PSAT: Freshmen Views

Desiree Pico, Co-Editor in Chief

Each fall, freshmen, sophomores, and juniors across the country take the Preliminary Scholastic Aptitude Test, or PSAT. This 2 hour and 45 minute test is practice for the official SAT, which students are required to take for college acceptance. While performance on the PSAT is, arguably, more important for juniors because of their rapidly-approaching college applications, it is also significant for freshmen. The PSAT is a freshman’s first encounter with a standardized test in their high school years.

This new experience offers them the chance to preview and practice the style of questions they will encounter on the future SAT, allowing them more time to prepare for the test-taking rush of junior year.

Despite the PSAT being so similar to the SAT, there are some key differences, such as the score range. The highest possible score on the PSAT is a 1520, versus the SAT’s 1600. But the most significant difference is that the PSAT gives high-performing students the potential to earn a scholarship. If they achieve a high enough PSAT score, they are eligible to qualify for the National Merit Scholarship Qualifying Test (NMSQT).

Mr. Sammy Iassudo, TERRA’s testing chair, is a firm believer in the benefits of offering the PSAT to students as early as their freshmen year. “I think exposure to the test questions and then familiarity with it helps those with anxiety by the time they take the real exam,” he said. Though he admits that the freshmen may be slightly “at a disadvantage” because some of the math on the PSAT is at a higher level than most freshmen have taken, he still believes that the practice pays off. Since TERRA began administering the PSAT to freshmen, there has been a significant increase in the number of National Merit Scholars, which is “very good news for the students.”

Prior to administering the exam, Iassudo had to put in a lot of work to ensure that everything ran smoothly, braving the “nightmare” of preadministration once again. This year, Iassudo had a large amount of freshmen registering after the deadline, which caused more problems for him, but he thought was worth it. “You don’t quite often hear students coming up to people saying, ‘Hey, I want to take that test!’ So if somebody wanted to come, then I tested them to give them the opportunity.”

Freshman Kristina Poig is one student who is looking forward to this possibility of a scholarship in her future. She thinks that taking the PSAT now, despite college being relatively far away, will allow her enough time to practice achieving a high enough score to qualify for the NMSQT. “I think it’s a good way to get a good start on [SAT preparation] and get some chances to get a scholarship, maybe,” she said. Overall, Poig found this new experience to be “pretty good overall.” She said, “Everything went by very smoothly; the test wasn’t too difficult or too easy.”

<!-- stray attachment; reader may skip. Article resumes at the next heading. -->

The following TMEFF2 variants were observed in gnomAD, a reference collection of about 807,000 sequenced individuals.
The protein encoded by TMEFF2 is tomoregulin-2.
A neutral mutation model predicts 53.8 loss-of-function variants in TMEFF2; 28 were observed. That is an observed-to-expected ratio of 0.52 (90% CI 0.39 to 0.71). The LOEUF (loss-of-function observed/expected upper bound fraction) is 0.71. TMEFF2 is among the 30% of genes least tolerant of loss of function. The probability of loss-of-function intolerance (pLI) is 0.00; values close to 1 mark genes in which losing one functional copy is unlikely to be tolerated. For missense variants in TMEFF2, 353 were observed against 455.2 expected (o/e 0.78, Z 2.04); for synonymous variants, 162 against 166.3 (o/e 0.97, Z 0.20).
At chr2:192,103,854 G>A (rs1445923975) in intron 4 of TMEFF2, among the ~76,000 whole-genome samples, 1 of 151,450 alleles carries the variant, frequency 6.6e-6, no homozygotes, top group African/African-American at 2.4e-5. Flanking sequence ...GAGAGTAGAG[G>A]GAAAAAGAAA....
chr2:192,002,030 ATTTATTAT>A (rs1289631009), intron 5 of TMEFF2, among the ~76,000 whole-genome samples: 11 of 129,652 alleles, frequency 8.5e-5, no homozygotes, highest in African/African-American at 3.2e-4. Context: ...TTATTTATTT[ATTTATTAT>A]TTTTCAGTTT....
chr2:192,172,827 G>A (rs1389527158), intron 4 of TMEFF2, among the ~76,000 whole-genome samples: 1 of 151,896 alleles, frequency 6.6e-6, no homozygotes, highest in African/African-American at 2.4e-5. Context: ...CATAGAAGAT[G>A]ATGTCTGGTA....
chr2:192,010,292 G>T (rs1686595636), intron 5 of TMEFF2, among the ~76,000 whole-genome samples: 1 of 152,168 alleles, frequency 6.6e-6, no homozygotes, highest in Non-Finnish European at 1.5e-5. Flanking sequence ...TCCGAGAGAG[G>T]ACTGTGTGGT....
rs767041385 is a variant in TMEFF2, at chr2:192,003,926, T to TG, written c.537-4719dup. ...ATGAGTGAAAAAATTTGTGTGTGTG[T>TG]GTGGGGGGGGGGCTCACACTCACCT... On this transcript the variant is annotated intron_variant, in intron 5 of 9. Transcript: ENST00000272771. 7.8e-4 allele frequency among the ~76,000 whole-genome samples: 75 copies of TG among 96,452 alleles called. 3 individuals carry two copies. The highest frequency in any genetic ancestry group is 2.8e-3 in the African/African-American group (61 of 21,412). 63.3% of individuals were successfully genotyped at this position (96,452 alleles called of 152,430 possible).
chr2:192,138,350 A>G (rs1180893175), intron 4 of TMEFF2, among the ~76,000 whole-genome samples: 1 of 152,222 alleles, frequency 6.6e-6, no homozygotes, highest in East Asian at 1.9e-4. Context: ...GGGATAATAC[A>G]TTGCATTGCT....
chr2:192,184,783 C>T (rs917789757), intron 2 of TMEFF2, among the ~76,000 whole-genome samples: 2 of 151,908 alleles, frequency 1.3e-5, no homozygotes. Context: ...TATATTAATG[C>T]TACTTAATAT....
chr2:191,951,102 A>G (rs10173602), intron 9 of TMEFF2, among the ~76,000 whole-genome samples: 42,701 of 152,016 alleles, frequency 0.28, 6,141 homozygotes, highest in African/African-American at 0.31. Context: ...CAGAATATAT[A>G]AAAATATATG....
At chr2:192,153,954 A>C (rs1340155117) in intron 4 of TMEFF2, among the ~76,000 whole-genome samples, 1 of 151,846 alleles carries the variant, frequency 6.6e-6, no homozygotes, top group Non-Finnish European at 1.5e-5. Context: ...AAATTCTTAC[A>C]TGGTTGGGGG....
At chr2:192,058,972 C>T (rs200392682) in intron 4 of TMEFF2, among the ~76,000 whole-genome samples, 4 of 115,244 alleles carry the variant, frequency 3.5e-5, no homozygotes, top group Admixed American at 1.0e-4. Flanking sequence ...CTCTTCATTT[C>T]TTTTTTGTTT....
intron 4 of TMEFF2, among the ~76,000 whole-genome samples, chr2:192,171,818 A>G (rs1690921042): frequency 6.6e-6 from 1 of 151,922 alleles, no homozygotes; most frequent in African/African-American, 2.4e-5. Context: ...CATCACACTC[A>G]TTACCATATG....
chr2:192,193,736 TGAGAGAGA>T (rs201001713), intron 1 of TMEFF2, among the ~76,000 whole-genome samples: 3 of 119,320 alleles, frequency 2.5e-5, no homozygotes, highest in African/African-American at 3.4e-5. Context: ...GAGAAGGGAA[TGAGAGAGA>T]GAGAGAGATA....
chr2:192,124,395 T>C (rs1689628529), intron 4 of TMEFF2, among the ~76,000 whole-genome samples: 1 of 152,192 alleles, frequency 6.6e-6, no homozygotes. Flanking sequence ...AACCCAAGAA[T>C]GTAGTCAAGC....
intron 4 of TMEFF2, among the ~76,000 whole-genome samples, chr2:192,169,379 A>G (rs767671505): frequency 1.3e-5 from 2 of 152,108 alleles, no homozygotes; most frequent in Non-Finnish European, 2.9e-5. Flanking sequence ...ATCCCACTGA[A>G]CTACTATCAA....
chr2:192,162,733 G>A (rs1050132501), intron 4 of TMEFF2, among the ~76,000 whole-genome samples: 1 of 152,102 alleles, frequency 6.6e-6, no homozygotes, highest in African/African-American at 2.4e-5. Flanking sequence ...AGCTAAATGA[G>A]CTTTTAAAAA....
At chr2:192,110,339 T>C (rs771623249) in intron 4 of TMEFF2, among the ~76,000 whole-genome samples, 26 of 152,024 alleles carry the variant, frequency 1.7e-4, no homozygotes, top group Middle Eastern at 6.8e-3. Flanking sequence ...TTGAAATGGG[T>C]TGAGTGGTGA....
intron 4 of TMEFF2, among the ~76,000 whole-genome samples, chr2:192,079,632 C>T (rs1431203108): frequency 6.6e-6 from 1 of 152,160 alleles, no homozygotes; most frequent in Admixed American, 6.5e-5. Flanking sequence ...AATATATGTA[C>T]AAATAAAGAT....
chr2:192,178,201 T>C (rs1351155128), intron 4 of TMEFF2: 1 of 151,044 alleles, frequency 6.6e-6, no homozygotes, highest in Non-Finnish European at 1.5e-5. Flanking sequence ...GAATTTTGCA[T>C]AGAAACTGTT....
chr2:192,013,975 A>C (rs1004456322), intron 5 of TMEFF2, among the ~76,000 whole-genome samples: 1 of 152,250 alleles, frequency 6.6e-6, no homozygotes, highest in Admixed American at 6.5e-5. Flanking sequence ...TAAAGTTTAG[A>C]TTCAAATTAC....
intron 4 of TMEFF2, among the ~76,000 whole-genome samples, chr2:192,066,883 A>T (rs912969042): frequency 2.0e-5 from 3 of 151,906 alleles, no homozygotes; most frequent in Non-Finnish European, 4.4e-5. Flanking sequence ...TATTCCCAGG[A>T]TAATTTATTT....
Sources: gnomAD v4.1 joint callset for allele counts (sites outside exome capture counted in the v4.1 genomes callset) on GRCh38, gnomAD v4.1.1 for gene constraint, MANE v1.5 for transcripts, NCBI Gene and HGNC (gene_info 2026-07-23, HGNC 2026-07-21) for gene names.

Adrian Fiandor also found the PSAT to have gone smoothly. “The experience was nice overall. I only had a problem with the time. I found myself not having enough time to finish a couple problems towards the end there,” he said.  

Other freshmen, however, did not find the test to be as easy as Poig and Fiandor did. Christian Paan was one student who, despite admitting that it showed him which areas he needs to work on, found it to be less than interesting. Paan said, “Overall, the experience made me sleepy. The stories and articles were all okay; it was just good, that’s it.” Like Fiandor, Paan found the timing of the PSAT to be a bit challenging. “It was too long and was separated into too many parts. I had too little time for it,” he says.

The PSAT was administered to 1,299 students this year, a very large number of students, especially for a school as small as TERRA. According to Iassudo, this amount is comparable to the amounts of students taking the test at larger schools like Ferguson and Palmetto. Before the students are able to take the test, there is a lot of work that goes into making sure it can be administered smoothly. “There are always little kinks in the administration process,” says Iassudo. “On my end, I think I was accepting students paying till the last minute and that caused more of a problem for me, but I wanted to give every student an opportunity to test if they wanted to.”

For next year’s PSAT, Iassudo hopes to learn from the setbacks from this year and adjust the administration plans accordingly. “Administratively, at the end of the day, I think my concern is to make sure that the test security is in place so that no tests get invalidated and that the test room is setup to be conducive for students to take the test and have everything collected and as smooth as possible.”